Social media remains ‘missed opportunity’ for hospitality businesses

By Luke Nicholls

- Last updated on GMT

Related tags: Social media

Customers have come to rely on Facebook and Twitter as a convenient way of connecting with businesses
Customers have come to rely on Facebook and Twitter as a convenient way of connecting with businesses
More than one in 10 hotels, restaurants and pubs now generate up to half of all sales through social media, leaving the rest of the industry ‘missing a trick’ when it comes to maximising the potential of the likes of Facebook and Twitter.

That’s according to a new report from Barclays, based on a survey which found that nearly a third (29 per cent) of hospitality businesses across the UK directly attribute up to 25 per cent of all their sales to social media.

But in spite of this, the majority (60 per cent) of respondents only see ‘some’ or ‘limited’ opportunities in using social media tools to engage with would-be customers.

“The industry is missing a trick,” said Barclays’ head of hospitality and leisure Mike Saul. “Social media has blurred the line between personal and corporate communities - something that has been encouraged by consumers who now expect to be able to interact in an immediate and very personal way, not just with friends, but with their favourite - and not so favoured - brands.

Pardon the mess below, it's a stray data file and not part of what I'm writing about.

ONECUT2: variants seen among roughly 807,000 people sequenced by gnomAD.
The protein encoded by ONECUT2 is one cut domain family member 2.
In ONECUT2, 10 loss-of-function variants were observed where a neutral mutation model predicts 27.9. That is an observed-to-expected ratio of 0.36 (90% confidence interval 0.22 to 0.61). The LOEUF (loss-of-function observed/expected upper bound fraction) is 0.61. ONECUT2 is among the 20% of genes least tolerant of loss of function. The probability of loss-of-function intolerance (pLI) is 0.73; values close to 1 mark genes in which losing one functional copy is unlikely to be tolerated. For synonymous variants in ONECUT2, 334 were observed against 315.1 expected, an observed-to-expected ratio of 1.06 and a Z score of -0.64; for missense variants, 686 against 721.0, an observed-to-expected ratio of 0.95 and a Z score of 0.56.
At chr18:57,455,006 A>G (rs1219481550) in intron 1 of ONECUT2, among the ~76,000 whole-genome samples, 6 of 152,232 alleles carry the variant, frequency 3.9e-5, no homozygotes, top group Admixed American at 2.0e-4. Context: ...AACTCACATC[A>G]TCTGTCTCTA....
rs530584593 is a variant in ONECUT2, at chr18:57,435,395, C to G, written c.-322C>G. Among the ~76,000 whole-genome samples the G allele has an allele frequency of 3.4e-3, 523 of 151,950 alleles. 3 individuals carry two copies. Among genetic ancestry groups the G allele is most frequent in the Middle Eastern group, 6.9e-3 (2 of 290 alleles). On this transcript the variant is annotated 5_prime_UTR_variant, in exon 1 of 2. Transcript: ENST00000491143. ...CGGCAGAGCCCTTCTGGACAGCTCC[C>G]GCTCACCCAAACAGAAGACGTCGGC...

Negative to positive

“This can create a very powerful feedback loop – if operators can successfully tap into these networks, both good and bad reviews can be used to their advantage. If a flight or dinner reservation is delayed for example, it’s easy for consumers to vent their frustration to the online world – the trick is being able to respond helpfully, turning a negative experience into a positive one. 

“Getting the strategy right is key.”

With estimates suggesting that over half of UK consumers now own a smartphone, and almost one in five have access to a tablet device, consumers have come to rely on networks like Facebook and Twitter and review websites such TripAdvisor to not only provide peer-to-peer recommendations but also as a convenient way to connect with businesses.

New customers

Supporting this view, more than two thirds (68 per cent) of those hospitality businesses currently using social media have reported that they have had a ‘positive’ or ‘very positive’ experience, attracting new customers, and receiving positive recommendations.

But the research goes on to show that a significant number of operators who ‘use’ social media, are not maximising its full potential; 44 per cent of business owners do have a presence on sites such as Facebook and Twitter, but admit they rarely use it.

Concerns over the amount of time social media takes to manage, the risks of negative publicity, and the technical skills required are putting operators off using these networks and platforms. Although more than half (58 per cent) of respondents believe the role of social media will increase in the sector over the next 12 months.

Building loyalty

Saul added: “Social media is everywhere, and for many businesses it not only influences and directly generates sales, but provides a personal link with consumers, building loyalty and driving repeat footfall. This is vital when consumers are increasingly cost-conscious and discerning about where they choose to spend their hard earned cash.